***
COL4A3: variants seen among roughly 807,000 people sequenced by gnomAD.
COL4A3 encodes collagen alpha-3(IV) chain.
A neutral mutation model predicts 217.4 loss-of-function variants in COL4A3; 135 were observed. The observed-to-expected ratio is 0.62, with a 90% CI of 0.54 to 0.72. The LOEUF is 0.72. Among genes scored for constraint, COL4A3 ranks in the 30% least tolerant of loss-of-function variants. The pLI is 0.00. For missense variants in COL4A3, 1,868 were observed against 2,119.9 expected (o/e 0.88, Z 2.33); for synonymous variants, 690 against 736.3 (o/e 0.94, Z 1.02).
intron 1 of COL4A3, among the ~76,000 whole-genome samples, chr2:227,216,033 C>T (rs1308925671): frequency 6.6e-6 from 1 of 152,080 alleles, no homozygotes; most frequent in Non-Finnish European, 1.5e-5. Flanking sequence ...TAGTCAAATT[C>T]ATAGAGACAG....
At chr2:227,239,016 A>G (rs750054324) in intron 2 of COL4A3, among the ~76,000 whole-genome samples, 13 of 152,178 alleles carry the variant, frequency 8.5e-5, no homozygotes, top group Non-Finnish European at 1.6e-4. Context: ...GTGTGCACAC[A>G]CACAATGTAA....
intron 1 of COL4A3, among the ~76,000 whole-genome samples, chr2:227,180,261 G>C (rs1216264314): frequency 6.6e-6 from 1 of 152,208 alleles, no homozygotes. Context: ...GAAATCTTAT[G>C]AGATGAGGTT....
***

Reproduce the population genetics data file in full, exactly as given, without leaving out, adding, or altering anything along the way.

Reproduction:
COL4A3: variants seen among roughly 807,000 people sequenced by gnomAD.
COL4A3 encodes collagen alpha-3(IV) chain.
A neutral mutation model predicts 217.4 loss-of-function variants in COL4A3; 135 were observed. The observed-to-expected ratio is 0.62, with a 90% CI of 0.54 to 0.72. The LOEUF is 0.72. Among genes scored for constraint, COL4A3 ranks in the 30% least tolerant of loss-of-function variants. The pLI is 0.00. For missense variants in COL4A3, 1,868 were observed against 2,119.9 expected (o/e 0.88, Z 2.33); for synonymous variants, 690 against 736.3 (o/e 0.94, Z 1.02).
intron 1 of COL4A3, among the ~76,000 whole-genome samples, chr2:227,216,033 C>T (rs1308925671): frequency 6.6e-6 from 1 of 152,080 alleles, no homozygotes; most frequent in Non-Finnish European, 1.5e-5. Flanking sequence ...TAGTCAAATT[C>T]ATAGAGACAG....
At chr2:227,239,016 A>G (rs750054324) in intron 2 of COL4A3, among the ~76,000 whole-genome samples, 13 of 152,178 alleles carry the variant, frequency 8.5e-5, no homozygotes, top group Non-Finnish European at 1.6e-4. Context: ...GTGTGCACAC[A>G]CACAATGTAA....
intron 1 of COL4A3, among the ~76,000 whole-genome samples, chr2:227,180,261 G>C (rs1216264314): frequency 6.6e-6 from 1 of 152,208 alleles, no homozygotes. Context: ...GAAATCTTAT[G>C]AGATGAGGTT....